Trello review: How I use Trello to manage my tasks and plan ahead

Trello review

Trello review: How I use Trello to manage my tasks and plan ahead

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When you work from home, you need tools to manage your tasks. Trello is the one that I use on a daily basis, whether it’s from the app on my phone or the desktop app when I’m on my computer or Surface Pro. After using it for many years, I feel more confident in sharing this Trello review ($).

During the review I’ll look at the ways that I use Trello personally. These are insights into my daily schedule and life to see how I manage my tasks and plan my writing. You’ll see how I stay on top with my deadlines, track my ideas and pitches, and more.

I’m a writer, so I use it for planning out my writing tasks and ideas. But you can use it for any type of business you have.

This is an update from my post back in April 2016 when I first started using Trello for my writing business.

Easier collaboration with my clients

I now try to encourage all my clients to use Trello. It’s not always possible and some prefer to use Google Docs (which is good as well) but I prefer Trello. There’s one reason for that: it’s something I can personalize more than Google Docs.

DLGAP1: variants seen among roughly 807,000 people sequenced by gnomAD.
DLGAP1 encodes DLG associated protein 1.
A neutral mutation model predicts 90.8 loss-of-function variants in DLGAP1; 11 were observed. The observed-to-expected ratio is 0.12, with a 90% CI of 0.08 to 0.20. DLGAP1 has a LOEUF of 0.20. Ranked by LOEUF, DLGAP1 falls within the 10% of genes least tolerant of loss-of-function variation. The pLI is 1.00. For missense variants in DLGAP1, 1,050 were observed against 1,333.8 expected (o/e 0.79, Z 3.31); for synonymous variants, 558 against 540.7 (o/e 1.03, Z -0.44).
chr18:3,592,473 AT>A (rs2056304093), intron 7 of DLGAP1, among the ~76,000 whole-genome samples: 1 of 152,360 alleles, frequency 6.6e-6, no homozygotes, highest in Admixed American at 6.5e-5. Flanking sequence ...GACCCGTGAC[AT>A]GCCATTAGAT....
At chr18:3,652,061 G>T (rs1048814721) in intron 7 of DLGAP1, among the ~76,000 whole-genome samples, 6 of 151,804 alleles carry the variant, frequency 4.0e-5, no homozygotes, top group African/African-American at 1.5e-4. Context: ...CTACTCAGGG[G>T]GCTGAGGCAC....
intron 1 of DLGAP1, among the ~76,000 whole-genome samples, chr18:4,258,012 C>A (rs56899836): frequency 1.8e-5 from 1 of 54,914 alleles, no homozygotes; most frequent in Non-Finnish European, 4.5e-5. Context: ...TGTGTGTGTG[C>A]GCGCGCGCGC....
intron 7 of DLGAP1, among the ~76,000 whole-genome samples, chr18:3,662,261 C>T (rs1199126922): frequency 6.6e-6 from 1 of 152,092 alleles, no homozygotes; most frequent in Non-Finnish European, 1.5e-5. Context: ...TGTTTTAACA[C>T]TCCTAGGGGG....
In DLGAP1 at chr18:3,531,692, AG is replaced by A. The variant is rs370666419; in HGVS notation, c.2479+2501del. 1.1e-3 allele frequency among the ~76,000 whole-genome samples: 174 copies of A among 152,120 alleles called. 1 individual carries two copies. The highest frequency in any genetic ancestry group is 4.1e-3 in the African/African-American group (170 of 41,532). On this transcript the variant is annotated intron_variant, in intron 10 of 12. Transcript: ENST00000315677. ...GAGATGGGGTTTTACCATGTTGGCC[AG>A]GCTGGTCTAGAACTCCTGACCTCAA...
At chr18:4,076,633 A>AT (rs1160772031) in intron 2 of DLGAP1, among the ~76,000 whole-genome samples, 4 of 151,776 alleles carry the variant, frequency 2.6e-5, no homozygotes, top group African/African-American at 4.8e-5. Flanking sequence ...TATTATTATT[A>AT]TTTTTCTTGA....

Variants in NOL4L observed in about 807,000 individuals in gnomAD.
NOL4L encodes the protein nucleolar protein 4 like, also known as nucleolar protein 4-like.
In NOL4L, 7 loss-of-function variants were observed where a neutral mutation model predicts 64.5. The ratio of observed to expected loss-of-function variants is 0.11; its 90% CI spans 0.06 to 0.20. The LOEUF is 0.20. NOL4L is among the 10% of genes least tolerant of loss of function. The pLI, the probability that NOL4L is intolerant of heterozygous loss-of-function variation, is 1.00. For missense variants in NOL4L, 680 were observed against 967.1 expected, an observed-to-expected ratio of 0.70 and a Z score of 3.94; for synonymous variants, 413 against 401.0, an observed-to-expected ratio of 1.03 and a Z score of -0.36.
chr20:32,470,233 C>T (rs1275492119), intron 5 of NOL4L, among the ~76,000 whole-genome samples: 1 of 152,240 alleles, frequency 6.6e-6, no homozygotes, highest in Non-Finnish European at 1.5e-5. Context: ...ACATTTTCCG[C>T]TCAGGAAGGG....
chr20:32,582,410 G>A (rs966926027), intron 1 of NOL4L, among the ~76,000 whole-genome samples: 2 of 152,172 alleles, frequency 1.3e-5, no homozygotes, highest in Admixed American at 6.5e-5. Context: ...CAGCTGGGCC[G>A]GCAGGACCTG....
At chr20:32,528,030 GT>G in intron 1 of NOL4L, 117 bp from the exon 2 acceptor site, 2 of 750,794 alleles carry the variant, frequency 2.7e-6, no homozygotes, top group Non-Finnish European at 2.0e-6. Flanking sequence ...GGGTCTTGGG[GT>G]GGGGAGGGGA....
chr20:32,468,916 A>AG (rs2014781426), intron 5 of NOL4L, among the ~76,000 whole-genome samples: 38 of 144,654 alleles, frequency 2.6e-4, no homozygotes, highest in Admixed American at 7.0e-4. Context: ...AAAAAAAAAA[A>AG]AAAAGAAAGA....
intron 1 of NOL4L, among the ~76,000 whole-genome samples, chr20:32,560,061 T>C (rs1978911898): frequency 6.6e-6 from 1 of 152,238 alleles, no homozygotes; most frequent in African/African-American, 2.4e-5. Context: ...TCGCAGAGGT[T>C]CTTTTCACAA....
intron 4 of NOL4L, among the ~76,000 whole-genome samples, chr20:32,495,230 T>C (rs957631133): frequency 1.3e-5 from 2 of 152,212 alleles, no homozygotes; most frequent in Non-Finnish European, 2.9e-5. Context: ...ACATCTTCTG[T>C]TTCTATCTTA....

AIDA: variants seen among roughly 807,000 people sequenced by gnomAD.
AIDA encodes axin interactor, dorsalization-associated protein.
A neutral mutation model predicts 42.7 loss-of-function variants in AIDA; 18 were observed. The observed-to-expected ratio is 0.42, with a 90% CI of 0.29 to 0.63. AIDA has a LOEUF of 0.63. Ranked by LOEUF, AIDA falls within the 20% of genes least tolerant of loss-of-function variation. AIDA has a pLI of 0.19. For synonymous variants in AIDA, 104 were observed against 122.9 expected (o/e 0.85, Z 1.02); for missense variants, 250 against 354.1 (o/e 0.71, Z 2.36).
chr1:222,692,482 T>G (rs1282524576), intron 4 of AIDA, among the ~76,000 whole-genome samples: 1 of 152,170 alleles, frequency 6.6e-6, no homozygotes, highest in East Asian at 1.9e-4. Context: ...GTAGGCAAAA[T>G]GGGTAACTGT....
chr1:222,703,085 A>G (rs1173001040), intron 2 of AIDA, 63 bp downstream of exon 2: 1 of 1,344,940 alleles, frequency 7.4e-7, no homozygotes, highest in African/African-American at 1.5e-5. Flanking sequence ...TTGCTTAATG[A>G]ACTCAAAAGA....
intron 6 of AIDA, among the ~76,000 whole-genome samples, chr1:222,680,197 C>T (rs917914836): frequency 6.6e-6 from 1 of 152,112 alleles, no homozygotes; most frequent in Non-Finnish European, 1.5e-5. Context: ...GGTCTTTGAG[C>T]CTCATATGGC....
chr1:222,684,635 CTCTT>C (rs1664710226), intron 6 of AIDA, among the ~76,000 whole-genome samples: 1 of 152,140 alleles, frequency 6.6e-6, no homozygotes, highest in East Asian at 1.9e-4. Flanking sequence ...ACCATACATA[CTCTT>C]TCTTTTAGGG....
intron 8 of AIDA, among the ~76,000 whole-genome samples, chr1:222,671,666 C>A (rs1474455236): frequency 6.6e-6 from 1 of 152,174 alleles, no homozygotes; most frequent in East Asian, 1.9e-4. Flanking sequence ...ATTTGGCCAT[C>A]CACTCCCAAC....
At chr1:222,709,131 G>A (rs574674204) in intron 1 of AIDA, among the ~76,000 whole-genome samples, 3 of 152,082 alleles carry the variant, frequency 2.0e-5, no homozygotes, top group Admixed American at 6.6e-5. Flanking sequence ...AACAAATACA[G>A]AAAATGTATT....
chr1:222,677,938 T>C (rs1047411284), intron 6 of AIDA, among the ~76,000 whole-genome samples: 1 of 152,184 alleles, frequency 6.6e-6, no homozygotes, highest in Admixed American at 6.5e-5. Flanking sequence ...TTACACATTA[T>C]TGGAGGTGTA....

My husband even created an account and we collaborate on various projects. But for now, it’s my private writing clients and for my own blog and pitching needs.

Trello makes collaboration easy. You can manage multiple people through the same boards and open up separate boards for separate needs. I’ve found that I can have a small number of clients on one board to plan out tasks and share updates, while on another I have the tasks for specific clients where they can invite their other team members.